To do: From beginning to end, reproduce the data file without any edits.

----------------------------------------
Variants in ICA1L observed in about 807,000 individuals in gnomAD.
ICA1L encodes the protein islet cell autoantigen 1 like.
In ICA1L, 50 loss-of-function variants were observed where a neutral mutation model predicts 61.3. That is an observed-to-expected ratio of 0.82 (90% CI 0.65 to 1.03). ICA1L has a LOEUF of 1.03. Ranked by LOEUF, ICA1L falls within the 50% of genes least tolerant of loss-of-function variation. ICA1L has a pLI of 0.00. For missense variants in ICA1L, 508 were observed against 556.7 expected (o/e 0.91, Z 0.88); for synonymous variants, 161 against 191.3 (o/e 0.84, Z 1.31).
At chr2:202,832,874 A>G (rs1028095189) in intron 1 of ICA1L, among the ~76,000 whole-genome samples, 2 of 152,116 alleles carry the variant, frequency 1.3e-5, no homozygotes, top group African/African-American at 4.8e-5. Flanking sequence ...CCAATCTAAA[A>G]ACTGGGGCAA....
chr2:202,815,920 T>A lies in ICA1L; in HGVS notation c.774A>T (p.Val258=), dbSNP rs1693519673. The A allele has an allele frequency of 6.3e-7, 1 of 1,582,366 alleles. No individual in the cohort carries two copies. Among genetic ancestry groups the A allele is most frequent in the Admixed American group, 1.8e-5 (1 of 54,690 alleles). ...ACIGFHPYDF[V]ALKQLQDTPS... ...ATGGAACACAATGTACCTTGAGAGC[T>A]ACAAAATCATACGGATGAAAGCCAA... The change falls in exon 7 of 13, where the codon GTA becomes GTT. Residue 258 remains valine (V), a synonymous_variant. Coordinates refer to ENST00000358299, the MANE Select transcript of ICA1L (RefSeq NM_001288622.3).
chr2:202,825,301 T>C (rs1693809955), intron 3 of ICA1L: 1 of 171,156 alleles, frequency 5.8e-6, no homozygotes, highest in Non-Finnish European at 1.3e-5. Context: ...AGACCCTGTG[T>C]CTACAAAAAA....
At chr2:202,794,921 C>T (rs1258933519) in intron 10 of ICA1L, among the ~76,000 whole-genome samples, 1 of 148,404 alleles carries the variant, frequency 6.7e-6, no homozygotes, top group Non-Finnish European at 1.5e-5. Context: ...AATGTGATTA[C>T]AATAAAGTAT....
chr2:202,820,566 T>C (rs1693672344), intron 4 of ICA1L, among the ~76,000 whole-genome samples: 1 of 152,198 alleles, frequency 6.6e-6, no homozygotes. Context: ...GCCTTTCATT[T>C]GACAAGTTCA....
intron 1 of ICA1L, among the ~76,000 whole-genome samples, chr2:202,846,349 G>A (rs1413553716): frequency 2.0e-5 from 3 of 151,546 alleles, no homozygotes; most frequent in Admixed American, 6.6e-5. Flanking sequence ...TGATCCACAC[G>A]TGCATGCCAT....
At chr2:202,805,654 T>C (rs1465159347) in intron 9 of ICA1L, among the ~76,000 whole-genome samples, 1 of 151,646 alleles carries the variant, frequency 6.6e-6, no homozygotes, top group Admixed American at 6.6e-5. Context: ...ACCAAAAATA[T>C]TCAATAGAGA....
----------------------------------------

Variants in ICA1L observed in about 807,000 individuals in gnomAD.
ICA1L encodes the protein islet cell autoantigen 1 like.
In ICA1L, 50 loss-of-function variants were observed where a neutral mutation model predicts 61.3. That is an observed-to-expected ratio of 0.82 (90% CI 0.65 to 1.03). ICA1L has a LOEUF of 1.03. Ranked by LOEUF, ICA1L falls within the 50% of genes least tolerant of loss-of-function variation. ICA1L has a pLI of 0.00. For missense variants in ICA1L, 508 were observed against 556.7 expected (o/e 0.91, Z 0.88); for synonymous variants, 161 against 191.3 (o/e 0.84, Z 1.31).
At chr2:202,832,874 A>G (rs1028095189) in intron 1 of ICA1L, among the ~76,000 whole-genome samples, 2 of 152,116 alleles carry the variant, frequency 1.3e-5, no homozygotes, top group African/African-American at 4.8e-5. Flanking sequence ...CCAATCTAAA[A>G]ACTGGGGCAA....
chr2:202,815,920 T>A lies in ICA1L; in HGVS notation c.774A>T (p.Val258=), dbSNP rs1693519673. The A allele has an allele frequency of 6.3e-7, 1 of 1,582,366 alleles. No individual in the cohort carries two copies. Among genetic ancestry groups the A allele is most frequent in the Admixed American group, 1.8e-5 (1 of 54,690 alleles). ...ACIGFHPYDF[V]ALKQLQDTPS... ...ATGGAACACAATGTACCTTGAGAGC[T>A]ACAAAATCATACGGATGAAAGCCAA... The change falls in exon 7 of 13, where the codon GTA becomes GTT. Residue 258 remains valine (V), a synonymous_variant. Coordinates refer to ENST00000358299, the MANE Select transcript of ICA1L (RefSeq NM_001288622.3).
chr2:202,825,301 T>C (rs1693809955), intron 3 of ICA1L: 1 of 171,156 alleles, frequency 5.8e-6, no homozygotes, highest in Non-Finnish European at 1.3e-5. Context: ...AGACCCTGTG[T>C]CTACAAAAAA....
At chr2:202,794,921 C>T (rs1258933519) in intron 10 of ICA1L, among the ~76,000 whole-genome samples, 1 of 148,404 alleles carries the variant, frequency 6.7e-6, no homozygotes, top group Non-Finnish European at 1.5e-5. Context: ...AATGTGATTA[C>T]AATAAAGTAT....
chr2:202,820,566 T>C (rs1693672344), intron 4 of ICA1L, among the ~76,000 whole-genome samples: 1 of 152,198 alleles, frequency 6.6e-6, no homozygotes. Context: ...GCCTTTCATT[T>C]GACAAGTTCA....
intron 1 of ICA1L, among the ~76,000 whole-genome samples, chr2:202,846,349 G>A (rs1413553716): frequency 2.0e-5 from 3 of 151,546 alleles, no homozygotes; most frequent in Admixed American, 6.6e-5. Flanking sequence ...TGATCCACAC[G>A]TGCATGCCAT....
At chr2:202,805,654 T>C (rs1465159347) in intron 9 of ICA1L, among the ~76,000 whole-genome samples, 1 of 151,646 alleles carries the variant, frequency 6.6e-6, no homozygotes, top group Admixed American at 6.6e-5. Context: ...ACCAAAAATA[T>C]TCAATAGAGA....